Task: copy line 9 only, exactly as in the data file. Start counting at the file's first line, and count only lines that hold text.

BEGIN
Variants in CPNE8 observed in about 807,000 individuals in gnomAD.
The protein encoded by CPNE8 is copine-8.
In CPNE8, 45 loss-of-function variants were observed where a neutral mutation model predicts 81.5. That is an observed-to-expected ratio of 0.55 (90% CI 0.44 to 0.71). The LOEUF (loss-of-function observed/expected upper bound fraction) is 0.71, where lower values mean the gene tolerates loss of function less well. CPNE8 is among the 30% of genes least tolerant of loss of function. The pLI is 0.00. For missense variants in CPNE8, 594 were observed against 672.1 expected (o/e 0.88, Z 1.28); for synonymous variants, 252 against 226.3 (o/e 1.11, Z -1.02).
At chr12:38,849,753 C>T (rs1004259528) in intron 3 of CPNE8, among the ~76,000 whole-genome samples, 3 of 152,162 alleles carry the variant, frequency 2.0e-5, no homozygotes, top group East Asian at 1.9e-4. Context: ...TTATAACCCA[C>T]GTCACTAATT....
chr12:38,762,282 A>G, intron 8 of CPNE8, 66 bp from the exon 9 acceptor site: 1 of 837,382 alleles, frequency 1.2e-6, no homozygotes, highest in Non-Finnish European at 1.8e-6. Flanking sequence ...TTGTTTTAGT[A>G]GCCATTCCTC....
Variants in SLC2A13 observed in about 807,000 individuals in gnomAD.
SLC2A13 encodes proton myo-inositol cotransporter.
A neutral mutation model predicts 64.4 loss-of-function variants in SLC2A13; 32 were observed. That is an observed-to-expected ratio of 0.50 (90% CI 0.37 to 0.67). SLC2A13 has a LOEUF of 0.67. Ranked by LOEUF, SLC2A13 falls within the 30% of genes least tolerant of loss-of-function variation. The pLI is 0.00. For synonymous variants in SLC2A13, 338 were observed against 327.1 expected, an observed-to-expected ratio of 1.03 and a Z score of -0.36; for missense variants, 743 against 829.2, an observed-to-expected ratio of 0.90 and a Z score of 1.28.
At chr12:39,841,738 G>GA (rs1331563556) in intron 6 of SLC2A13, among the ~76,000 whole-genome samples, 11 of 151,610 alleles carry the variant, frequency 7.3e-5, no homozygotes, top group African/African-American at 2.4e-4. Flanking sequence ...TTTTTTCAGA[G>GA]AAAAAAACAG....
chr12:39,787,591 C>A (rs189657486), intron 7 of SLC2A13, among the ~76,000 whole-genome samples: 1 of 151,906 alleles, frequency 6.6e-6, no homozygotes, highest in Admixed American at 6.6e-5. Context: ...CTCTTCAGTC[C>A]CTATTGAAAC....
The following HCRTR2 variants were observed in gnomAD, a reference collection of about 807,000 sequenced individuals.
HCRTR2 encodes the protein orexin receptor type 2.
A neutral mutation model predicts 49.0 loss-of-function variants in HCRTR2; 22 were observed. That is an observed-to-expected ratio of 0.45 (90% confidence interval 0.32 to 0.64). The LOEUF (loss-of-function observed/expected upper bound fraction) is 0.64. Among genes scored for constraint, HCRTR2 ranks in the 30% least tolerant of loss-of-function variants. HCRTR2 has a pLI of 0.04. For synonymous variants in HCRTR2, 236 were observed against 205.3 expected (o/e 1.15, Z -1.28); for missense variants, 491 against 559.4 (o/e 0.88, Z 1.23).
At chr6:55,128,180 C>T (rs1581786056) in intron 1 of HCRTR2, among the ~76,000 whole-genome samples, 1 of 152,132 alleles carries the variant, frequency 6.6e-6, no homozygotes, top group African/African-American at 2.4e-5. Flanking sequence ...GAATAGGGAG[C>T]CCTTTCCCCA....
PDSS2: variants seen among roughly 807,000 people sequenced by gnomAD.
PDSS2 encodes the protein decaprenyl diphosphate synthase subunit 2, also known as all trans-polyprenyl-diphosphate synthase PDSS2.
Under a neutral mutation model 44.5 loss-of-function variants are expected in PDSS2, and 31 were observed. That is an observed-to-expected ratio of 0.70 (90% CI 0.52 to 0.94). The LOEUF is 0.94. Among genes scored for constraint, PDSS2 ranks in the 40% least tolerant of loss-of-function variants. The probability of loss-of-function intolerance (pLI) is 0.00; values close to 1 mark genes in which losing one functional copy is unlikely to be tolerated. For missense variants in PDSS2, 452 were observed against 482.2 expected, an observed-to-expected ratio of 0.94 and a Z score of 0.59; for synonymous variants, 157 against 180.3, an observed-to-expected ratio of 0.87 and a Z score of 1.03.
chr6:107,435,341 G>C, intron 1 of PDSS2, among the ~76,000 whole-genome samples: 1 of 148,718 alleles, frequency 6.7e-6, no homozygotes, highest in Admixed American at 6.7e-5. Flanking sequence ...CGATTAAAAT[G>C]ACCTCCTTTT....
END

At chr12:39,841,738 G>GA (rs1331563556) in intron 6 of SLC2A13, among the ~76,000 whole-genome samples, 11 of 151,610 alleles carry the variant, frequency 7.3e-5, no homozygotes, top group African/African-American at 2.4e-4. Flanking sequence ...TTTTTTCAGA[G>GA]AAAAAAACAG....